Maine continued growing as a program and made a deep run in the 2011 NCAA Division 1 FCS playoffs. Cosgrove remembered getting ready for a huge second round matchup against Appalachian State. The Mountaineers were led by wide receiver Brian Quick, a future second-round pick by the St. Louis Rams. Quick was a 1,000-yard receiver who tested FCS defenses the entire season.
That is until he met Joe Rossi’s defense in the playoffs.
“[Quick] caught like five passes for 18 yards that day because we just were so well-prepared, so well-coached defensively,” Cosgrove said. “It’s one of those days where you go to a place that has FCS Championship banners all over the field and you go in there and you kick their butt the way we did, that points back to the preparation and the coaching that was done beforehand and getting ready for the game.”
Maine advanced to the next round and prepared for a big challenge – Georgia Southern’s triple-option offense. The coaches drew up a detailed game plan, but it was completely thrown out the window with the Black Bears trailing 21-10 at halftime. Rossi made major adjustments and nearly helped Maine pull off a comeback.
“I remember the in-game adjustments that Joe made. He came up with some ideas and things that we really went to work on and did a much better job in the second half and had a chance to win the game,” Cosgrove said. “We didn’t, but it was an example of in-game adjustments and Joe thinking on his feet and really doing a great job getting our guys to believe in some things that we had to do simply because the things we brought in weren’t working.”
‘Hire him right now, coach — he’s ready.’
The Black Bears fell short in a 35-23 loss, but the program’s success in 2011 caught the attention of coaches across the country. Cosgrove lost all of his offensive coaches and a pair of defensive assistants to bigger jobs. Maine’s longtime head coach (now at Colby College) was debating who he should hire for those positions. Cosgrove eventually walked into Rossi’s office and told him one of the defensive assistants was leaving.
“I looked at Joe and I said, what do you think about Joe Harasymiak? And Joe looked right at me and said, ‘Hire him right now, coach — he’s ready.’
Rossi’s instant recommendation of Harasymiak is something that Cosgrove will never forget.
“That was the kind of thing that I always remember about Joe. He was always thinking about not just the team X’s and O’s and things, but about the people involved in the team. Teaching and coaching is something that he was born to do,” Cosgrove said. “When coaches give you answers like that — ‘Hire him right now, coach’ — how do you even dispute it?”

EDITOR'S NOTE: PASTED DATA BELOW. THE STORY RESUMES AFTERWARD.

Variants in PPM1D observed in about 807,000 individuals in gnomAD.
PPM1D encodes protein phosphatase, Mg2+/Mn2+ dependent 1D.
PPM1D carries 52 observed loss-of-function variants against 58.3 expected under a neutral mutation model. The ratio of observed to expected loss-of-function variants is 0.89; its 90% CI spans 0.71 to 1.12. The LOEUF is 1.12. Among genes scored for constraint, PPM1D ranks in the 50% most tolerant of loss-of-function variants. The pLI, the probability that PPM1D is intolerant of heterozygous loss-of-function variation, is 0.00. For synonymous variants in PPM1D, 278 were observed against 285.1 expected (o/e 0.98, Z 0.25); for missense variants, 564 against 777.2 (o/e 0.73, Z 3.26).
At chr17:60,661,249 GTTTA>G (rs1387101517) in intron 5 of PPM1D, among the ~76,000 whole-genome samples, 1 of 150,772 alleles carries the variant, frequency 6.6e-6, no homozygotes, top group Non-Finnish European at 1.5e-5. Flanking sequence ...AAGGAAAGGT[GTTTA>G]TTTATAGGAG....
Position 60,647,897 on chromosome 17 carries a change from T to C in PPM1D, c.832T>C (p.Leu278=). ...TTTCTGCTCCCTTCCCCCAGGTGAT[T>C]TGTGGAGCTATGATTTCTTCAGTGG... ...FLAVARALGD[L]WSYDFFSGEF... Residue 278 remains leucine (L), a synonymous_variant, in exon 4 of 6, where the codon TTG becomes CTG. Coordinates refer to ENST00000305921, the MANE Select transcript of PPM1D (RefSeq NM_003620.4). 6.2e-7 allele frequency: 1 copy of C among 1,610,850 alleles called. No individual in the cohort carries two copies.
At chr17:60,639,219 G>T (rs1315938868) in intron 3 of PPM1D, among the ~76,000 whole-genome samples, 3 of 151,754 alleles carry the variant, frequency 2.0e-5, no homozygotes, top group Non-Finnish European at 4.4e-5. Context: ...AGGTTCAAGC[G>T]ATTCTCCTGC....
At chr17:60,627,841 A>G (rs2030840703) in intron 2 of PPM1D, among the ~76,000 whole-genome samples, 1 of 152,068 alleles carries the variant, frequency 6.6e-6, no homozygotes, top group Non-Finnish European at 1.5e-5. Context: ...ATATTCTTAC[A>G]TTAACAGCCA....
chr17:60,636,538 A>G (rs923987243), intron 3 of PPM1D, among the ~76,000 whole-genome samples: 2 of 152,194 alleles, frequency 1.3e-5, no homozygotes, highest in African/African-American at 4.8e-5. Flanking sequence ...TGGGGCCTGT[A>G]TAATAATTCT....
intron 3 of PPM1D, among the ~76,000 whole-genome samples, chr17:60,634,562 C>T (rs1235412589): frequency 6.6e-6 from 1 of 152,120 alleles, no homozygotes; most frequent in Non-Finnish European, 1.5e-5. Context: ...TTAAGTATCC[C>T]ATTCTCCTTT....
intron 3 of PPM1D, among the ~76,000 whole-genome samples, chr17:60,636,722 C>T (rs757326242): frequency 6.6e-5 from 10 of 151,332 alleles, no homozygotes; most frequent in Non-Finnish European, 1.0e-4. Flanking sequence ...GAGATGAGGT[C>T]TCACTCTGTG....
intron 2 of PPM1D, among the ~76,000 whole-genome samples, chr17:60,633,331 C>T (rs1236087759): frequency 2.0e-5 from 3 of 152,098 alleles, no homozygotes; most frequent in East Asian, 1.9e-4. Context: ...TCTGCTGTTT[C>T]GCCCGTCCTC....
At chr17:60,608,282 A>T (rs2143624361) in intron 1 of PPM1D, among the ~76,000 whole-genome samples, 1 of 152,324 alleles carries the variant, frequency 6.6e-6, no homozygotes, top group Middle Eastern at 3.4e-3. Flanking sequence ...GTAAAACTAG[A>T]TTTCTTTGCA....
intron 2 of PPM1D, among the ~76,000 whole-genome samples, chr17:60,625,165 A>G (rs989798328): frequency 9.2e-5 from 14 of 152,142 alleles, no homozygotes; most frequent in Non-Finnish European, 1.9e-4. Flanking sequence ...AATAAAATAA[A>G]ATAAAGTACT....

After losing multiple coaches, Cosgrove was relieved that Rossi, one of the program’s most experienced assistants, had not left. However, his phone eventually rang too. Kyle Flood hired Rossi as Rutgers’ new special teams coordinator.
“I’m going, ‘Oh, shit.’ I just lost my veteran guy and I’ve got these two young guys who are not ready for this,” Cosgrove said.
Cosgrove managed the loss of Rossi by completely trusting Harasymiak, Rossi’s recommended coach, along with Jordan Stevens, the current assistant head coach and co-defensive coordinator at Yale. Cosgrove’s tough decision actually turned out even better than he could have expected.
The Maine Trio
Years later, everything came full circle. Rossi, the defensive coordinator at Minnesota, is working at the Power 5 level with a young coach he once recommended. Harasymiak, also known as “Young Joe” by Cosgrove, was hired by P.J. Fleck to work on Rossi’s defensive staff in 2019. One year after joining the Gophers, Harasymiak became the team’s defensive backs/safeties coach and co-defensive coordinator.
Rossi and Harasymiak are not the only former Maine assistants on Minnesota’s coaching staff either. Dan Nichol, the Gophers’ Director of Athletic Performance for Football, was a member of the same staff. Cosgrove, now the head coach at Colby College, often thinks about the time he spent with his former trio of assistants. He now watches their careers blossom from afar and feels a tremendous amount of pride.
“It’s really cool [to see them succeed],” Cosgrove said. “I get great joy, out your way, you have Joe Rossi, Joe Harasymiak, you’ve got Danny Nichol, he was our strength coach. Danny is a phenomenal strength coach, one of my all-time favorite guys. And I see Robb Smith is now back with Schiano and there are so many of those guys that have done well and it really makes you feel good to be a small part of the success that they’re having.”
Back Where it All Started
Even though he is busy working as a Power Five defensive coordinator, Joe Rossi never forgets about his biggest mentors, including the man who got him started as a coach. Rossi and Leipheimer exchange texts or talk when the Gophers’ defensive coordinator is driving into work.
Two decades after the conversation that lit Rossi’s coaching flame, the bond between a longtime coach and his prodigy is stronger than ever.
“We have a couple hour time difference, so sometimes I’m calling him and it’s 5 a.m. and that’s OK, that’s how we stay in touch,’ Leipheimer said. “[Seeing him move up the coaching ladder] means everything to me. I love Joe like a son and our whole family feels the same way about him.”